A report from Small Business for America’s Future says that 57 percent of small business owners surveyed believe that the lack of affordable, high-quality child care for employees has had a negative impact on their business. In addition, more than one in three employers (39 percent) said scheduling complications have negatively impacted their ability to fulfill client or customer needs.

“Quality child care improves workers’ lives, enabling them to better perform at work because they know that their child is thriving,” Dr. Palley said. “This is better for employers and better for society as a whole.”

Women experience challenges with staying in the workforce.

According to the State of Motherhood 2022 Survey Report by Motherly, 58 percent of women say that the stress and financial burden of child care have made them consider leaving the workforce, with even higher numbers of Hispanic and Black mothers expressing this concern. The same report showed that child care issues were the top reason mothers left or changed jobs last year.

“Women are an essential part of the workforce, and we often bear disproportionate responsibility for child care,” Dr. Palley said. “When faced with difficult choices because of unreliable or unaffordable child care, some women make the decision to leave their jobs, which can strain their families’ financial resources and is a human capital loss to the economy as a whole.”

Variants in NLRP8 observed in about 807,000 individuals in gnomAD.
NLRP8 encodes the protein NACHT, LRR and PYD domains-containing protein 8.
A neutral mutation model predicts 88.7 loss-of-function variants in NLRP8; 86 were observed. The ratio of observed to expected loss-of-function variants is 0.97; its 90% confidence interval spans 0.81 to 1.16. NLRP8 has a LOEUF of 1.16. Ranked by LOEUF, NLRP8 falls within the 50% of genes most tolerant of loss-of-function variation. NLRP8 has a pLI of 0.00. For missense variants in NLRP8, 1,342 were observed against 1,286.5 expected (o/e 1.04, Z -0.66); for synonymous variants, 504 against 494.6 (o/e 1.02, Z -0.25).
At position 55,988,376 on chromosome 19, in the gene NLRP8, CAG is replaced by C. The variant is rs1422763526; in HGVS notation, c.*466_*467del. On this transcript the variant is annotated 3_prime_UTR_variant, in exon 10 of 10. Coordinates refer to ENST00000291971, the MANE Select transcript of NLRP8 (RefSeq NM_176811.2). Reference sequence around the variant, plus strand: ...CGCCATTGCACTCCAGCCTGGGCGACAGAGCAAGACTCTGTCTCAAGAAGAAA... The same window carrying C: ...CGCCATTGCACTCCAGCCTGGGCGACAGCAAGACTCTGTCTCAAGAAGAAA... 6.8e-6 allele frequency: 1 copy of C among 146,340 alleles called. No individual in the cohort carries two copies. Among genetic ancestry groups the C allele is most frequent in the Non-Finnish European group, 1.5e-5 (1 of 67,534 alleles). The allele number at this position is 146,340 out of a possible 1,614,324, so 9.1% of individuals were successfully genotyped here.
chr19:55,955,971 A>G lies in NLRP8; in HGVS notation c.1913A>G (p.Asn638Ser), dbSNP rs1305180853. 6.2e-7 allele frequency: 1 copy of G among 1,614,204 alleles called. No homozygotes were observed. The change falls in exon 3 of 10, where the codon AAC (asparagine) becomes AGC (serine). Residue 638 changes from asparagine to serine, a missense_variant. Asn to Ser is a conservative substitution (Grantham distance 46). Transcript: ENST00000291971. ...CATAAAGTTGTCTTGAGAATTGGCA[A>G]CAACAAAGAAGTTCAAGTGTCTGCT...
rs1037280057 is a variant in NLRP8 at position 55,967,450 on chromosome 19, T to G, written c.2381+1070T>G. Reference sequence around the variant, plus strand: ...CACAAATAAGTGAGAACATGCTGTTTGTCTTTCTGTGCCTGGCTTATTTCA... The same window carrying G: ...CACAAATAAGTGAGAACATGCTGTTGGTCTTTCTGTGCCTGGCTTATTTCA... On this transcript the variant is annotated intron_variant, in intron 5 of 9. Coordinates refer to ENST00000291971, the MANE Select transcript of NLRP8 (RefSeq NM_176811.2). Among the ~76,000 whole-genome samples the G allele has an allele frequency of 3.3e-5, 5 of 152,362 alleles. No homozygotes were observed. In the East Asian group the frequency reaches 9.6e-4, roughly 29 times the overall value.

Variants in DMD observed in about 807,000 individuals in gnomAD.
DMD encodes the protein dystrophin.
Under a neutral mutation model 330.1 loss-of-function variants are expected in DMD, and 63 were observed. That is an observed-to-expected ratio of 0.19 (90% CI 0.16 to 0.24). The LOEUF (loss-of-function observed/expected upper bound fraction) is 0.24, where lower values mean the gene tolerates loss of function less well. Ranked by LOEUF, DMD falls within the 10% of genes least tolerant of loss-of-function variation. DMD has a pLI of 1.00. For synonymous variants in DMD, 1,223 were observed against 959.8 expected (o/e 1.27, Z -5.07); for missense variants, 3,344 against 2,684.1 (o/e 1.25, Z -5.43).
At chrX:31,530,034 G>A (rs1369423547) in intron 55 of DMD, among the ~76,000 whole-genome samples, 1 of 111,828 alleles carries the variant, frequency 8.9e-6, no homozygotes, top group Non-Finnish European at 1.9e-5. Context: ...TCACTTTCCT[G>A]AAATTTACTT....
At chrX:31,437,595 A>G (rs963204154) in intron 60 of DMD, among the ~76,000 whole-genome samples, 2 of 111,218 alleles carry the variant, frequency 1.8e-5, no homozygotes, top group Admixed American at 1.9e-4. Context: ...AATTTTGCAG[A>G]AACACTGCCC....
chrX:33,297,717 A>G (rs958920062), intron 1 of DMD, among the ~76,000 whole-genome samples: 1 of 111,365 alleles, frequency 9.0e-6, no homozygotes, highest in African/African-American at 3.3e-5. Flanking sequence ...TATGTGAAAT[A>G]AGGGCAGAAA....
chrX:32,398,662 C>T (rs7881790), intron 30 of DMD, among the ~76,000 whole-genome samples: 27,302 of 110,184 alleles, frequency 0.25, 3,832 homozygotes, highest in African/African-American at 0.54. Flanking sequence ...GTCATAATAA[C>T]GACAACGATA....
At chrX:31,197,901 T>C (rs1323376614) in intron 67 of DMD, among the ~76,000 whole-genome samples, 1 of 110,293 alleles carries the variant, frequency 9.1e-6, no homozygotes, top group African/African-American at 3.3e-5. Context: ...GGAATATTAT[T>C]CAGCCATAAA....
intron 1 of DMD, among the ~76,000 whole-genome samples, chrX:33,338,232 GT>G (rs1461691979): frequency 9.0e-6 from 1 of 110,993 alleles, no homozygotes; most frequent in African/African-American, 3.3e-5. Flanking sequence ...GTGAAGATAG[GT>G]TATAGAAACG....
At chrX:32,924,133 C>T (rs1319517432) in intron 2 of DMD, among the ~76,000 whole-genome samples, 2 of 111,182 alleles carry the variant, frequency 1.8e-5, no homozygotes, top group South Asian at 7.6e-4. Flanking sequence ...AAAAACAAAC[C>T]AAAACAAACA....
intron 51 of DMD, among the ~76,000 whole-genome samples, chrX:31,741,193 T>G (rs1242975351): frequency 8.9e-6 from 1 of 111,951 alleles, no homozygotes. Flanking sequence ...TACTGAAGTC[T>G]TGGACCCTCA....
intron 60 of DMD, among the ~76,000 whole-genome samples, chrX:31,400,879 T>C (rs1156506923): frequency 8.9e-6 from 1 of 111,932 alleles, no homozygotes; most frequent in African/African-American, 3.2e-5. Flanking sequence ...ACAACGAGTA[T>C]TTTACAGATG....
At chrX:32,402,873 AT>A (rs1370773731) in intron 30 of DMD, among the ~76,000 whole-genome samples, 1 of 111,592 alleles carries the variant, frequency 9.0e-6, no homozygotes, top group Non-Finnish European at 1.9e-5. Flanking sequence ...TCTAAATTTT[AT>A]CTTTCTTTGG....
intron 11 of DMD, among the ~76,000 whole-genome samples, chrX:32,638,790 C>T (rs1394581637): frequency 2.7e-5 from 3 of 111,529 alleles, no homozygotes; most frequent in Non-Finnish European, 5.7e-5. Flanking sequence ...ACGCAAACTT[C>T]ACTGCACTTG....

Recommendations for Change

Dr. Palley’s top recommendations for meaningful changes to improve working families’ lives: Child care should be available to all families, either free or on a sliding scale, and child care workers should be paid a living wage.

“People who are wealthy can afford child care, and those living in poverty—at up to 300 percent of the poverty line in New York state, which is more generous than many other states—may be eligible to receive child care assistance from the government,” she said. “This leaves the vast majority of families in the position where they don’t qualify for support but are faced with increasingly unaffordable options to receive quality care for their children.”

She continues, “The process of applying for care can be onerous. In many places, including New York, families on public assistance have to apply for child care as a separate benefit even after they have already proven eligibility for food stamps and or Temporary Assistance for Needy Families. They also cannot maintain it if they are not working, and if they lose a job, have to reapply once they find a new job. If they end up working part time, they may lose hours of child care benefits.”